LGBT rights in Michigan
|Status||Legal statewide since 2003|
(Lawrence v. Texas)
|Gender identity||Altering sex on birth certificate requires sex reassignment surgery|
|Discrimination protections||Sexual orientation and gender identity protections (see below)|
|Recognition of relationships||Same-sex marriage legal since 2015|
Lesbian, gay, bisexual, and transgender (LGBT) persons in the U.S. state of Michigan may face legal challenges not faced by non-LGBT residents. Same-sex sexual activity is legal in Michigan, as is same-sex marriage. Discrimination on the basis of sexual orientation and gender identity is not explicitly banned within state law. However, a ruling of the Sixth Circuit Court of Appeals and a decision of the Michigan Civil Rights Commission have ensured that members of the LGBT community are not discriminated against and are protected in the eyes of the law.
Michigan is home to a vibrant LGBT community. East Lansing and Ann Arbor were the first cities in the United States to pass LGBT discrimination protections, doing so in 1972. Pride parades have been held in the state's most populous city, Detroit, since 1986, and today attract thousands of people. While a majority of Michiganders support same-sex marriage, the Republican-controlled Legislature has mostly ignored LGBT-related legislation, and as such progress has been slow (and has thus mostly come from the courts and local municipalities).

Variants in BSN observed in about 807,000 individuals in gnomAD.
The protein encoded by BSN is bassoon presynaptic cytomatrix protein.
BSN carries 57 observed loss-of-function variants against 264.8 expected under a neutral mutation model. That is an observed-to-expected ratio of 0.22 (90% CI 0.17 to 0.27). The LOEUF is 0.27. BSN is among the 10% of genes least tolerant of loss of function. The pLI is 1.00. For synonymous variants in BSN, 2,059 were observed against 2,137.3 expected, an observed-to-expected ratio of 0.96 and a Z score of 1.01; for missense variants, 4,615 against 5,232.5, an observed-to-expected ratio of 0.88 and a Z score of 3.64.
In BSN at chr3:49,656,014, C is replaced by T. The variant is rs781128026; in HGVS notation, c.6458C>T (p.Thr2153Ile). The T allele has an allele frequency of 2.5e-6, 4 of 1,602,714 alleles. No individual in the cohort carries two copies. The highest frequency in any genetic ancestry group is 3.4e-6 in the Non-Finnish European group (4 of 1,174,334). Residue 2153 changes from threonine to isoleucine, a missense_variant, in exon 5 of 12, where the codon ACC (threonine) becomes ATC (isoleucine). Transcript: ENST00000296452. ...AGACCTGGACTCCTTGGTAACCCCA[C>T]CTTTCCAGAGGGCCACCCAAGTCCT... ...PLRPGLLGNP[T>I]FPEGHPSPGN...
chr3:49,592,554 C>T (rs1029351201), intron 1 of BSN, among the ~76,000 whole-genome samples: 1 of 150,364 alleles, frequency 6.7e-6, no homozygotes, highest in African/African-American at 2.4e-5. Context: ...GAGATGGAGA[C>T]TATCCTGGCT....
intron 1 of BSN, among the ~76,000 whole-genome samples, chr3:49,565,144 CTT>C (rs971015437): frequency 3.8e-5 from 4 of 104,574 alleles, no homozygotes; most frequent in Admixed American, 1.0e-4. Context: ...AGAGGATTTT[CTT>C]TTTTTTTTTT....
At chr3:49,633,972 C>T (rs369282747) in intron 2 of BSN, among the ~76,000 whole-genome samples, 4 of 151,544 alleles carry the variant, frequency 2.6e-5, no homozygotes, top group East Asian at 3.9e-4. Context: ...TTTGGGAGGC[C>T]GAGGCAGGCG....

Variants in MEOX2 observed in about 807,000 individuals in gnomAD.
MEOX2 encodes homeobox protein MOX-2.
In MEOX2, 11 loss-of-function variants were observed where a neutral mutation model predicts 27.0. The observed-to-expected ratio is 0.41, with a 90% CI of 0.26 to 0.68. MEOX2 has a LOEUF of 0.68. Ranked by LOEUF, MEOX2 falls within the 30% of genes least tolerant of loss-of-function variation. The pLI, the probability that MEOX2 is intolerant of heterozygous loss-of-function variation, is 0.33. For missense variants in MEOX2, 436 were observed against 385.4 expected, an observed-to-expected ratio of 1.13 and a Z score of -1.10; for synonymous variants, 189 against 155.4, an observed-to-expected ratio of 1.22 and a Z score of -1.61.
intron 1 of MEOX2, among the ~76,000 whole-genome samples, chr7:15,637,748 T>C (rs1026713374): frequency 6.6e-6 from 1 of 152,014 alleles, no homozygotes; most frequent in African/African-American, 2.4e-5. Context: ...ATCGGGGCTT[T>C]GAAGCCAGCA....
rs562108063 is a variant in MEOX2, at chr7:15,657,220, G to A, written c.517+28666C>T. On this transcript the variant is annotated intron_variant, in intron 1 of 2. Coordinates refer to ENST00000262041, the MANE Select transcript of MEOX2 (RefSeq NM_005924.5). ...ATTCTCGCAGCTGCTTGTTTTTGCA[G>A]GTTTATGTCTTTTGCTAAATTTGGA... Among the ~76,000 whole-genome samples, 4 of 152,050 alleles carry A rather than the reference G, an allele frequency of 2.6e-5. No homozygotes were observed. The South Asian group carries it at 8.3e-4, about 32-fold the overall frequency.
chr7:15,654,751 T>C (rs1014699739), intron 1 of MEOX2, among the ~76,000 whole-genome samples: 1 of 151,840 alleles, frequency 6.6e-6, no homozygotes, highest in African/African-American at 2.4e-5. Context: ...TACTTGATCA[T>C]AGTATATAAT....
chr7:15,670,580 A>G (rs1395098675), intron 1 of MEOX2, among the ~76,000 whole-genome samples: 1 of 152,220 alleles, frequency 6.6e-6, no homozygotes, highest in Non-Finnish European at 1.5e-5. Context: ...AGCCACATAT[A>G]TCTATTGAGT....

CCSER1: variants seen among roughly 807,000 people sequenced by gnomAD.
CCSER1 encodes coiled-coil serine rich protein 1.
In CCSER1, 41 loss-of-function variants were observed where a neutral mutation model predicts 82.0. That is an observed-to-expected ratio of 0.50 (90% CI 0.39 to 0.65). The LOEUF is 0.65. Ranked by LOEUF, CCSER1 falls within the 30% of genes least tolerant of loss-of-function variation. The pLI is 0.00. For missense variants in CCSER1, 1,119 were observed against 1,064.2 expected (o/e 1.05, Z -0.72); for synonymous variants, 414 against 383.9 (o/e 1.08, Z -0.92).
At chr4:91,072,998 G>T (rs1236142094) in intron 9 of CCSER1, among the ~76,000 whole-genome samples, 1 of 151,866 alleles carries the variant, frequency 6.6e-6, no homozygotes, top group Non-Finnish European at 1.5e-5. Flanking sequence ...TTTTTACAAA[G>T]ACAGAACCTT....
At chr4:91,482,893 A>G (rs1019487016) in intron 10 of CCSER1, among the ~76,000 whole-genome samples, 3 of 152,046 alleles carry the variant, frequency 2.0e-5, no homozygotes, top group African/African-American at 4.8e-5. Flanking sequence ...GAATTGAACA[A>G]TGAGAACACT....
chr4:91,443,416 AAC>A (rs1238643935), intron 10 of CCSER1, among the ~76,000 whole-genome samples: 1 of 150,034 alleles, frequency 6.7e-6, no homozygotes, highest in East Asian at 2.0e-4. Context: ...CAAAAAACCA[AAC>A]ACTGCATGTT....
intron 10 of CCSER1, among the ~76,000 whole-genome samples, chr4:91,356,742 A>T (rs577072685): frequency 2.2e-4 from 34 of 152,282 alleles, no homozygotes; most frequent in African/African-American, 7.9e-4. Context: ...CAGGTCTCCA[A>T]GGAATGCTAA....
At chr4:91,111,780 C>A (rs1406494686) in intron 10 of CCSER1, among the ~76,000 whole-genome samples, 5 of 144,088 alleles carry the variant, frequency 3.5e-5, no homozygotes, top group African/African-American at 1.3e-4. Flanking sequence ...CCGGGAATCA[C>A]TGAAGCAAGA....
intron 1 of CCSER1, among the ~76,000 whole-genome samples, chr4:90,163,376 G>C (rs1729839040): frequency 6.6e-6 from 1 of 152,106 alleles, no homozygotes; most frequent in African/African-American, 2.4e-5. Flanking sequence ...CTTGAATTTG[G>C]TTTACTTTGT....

- 1 Legality of same-sex sexual activity
- 2 Recognition of same-sex relationships
- 3 Adoption and parenting
- 4 Discrimination protections
- 5 Hate crime law
- 6 Gender identity and expression
- 7 Public opinion
- 8 See also
- 9 References
Legality of same-sex sexual activity
Sexual acts between persons of the same sex are legal in Michigan. They had been criminalized until the state's sodomy laws, which applied to both homosexuals and heterosexuals, were invalidated in 2003 by the United States Supreme Court's decision in Lawrence v. Texas.
Recognition of same-sex relationships
On January 23, 2012, a lesbian couple filed a lawsuit, DeBoer v. Snyder in United States District Court for the Eastern District of Michigan, challenging the state's ban on adoption by same-sex couples in order to jointly adopt their children. On March 21, 2014, U.S. District Judge Bernard Friedman ruled the state's ban on same-sex marriage unconstitutional. Attorney General Bill Schuette filed for an emergency stay of his ruling with the Sixth Circuit Court of Appeals. On Saturday, March 22, 2014, four of Michigan's 83 county clerks opened their offices for special hours and issued more than 300 marriage licenses to gay and lesbian couples. Later that day, the Sixth Circuit stayed Judge Friedman's order until March 26. On March 25, 2014, the Sixth Circuit stayed the ruling indefinitely. On March 28, 2014, U.S. Attorney General Eric Holder announced the Federal Government will recognize the same-sex marriages performed on March 22.
On November 6, 2014, the Sixth Circuit reversed the lower court's ruling and upheld Michigan's ban on same-sex marriage. On June 26, 2015, the U.S. Supreme Court ruled in Obergefell v. Hodges that same-sex couples have a nationwide right to marry, legalizing same-sex marriage in the United States, and Michigan.